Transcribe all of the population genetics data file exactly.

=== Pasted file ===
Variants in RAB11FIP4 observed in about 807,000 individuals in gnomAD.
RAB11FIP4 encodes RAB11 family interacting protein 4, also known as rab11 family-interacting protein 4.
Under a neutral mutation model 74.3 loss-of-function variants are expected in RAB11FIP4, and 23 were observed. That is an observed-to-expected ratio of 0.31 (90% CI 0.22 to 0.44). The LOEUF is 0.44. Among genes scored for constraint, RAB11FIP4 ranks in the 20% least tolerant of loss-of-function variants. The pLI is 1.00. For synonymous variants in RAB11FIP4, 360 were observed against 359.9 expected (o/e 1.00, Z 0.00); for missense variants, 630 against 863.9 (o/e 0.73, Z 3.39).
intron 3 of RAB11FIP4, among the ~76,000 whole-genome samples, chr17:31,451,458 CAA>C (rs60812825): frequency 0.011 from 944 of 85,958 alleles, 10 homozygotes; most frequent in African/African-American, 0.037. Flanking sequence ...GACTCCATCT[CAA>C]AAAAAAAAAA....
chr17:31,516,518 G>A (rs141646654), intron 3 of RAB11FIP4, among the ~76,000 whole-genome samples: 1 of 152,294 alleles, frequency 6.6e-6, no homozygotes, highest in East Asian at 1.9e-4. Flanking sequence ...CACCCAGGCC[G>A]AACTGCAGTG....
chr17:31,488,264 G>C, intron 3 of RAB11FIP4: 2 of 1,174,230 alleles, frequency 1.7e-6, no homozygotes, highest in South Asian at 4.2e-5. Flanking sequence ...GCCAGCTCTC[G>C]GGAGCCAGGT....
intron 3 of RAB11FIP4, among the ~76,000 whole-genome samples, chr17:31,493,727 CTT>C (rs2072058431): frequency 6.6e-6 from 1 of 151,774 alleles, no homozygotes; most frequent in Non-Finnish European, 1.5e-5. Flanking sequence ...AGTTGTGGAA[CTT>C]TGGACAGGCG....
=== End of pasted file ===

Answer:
Variants in RAB11FIP4 observed in about 807,000 individuals in gnomAD.
RAB11FIP4 encodes RAB11 family interacting protein 4, also known as rab11 family-interacting protein 4.
Under a neutral mutation model 74.3 loss-of-function variants are expected in RAB11FIP4, and 23 were observed. That is an observed-to-expected ratio of 0.31 (90% CI 0.22 to 0.44). The LOEUF is 0.44. Among genes scored for constraint, RAB11FIP4 ranks in the 20% least tolerant of loss-of-function variants. The pLI is 1.00. For synonymous variants in RAB11FIP4, 360 were observed against 359.9 expected (o/e 1.00, Z 0.00); for missense variants, 630 against 863.9 (o/e 0.73, Z 3.39).
intron 3 of RAB11FIP4, among the ~76,000 whole-genome samples, chr17:31,451,458 CAA>C (rs60812825): frequency 0.011 from 944 of 85,958 alleles, 10 homozygotes; most frequent in African/African-American, 0.037. Flanking sequence ...GACTCCATCT[CAA>C]AAAAAAAAAA....
chr17:31,516,518 G>A (rs141646654), intron 3 of RAB11FIP4, among the ~76,000 whole-genome samples: 1 of 152,294 alleles, frequency 6.6e-6, no homozygotes, highest in East Asian at 1.9e-4. Flanking sequence ...CACCCAGGCC[G>A]AACTGCAGTG....
chr17:31,488,264 G>C, intron 3 of RAB11FIP4: 2 of 1,174,230 alleles, frequency 1.7e-6, no homozygotes, highest in South Asian at 4.2e-5. Flanking sequence ...GCCAGCTCTC[G>C]GGAGCCAGGT....
intron 3 of RAB11FIP4, among the ~76,000 whole-genome samples, chr17:31,493,727 CTT>C (rs2072058431): frequency 6.6e-6 from 1 of 151,774 alleles, no homozygotes; most frequent in Non-Finnish European, 1.5e-5. Flanking sequence ...AGTTGTGGAA[CTT>C]TGGACAGGCG....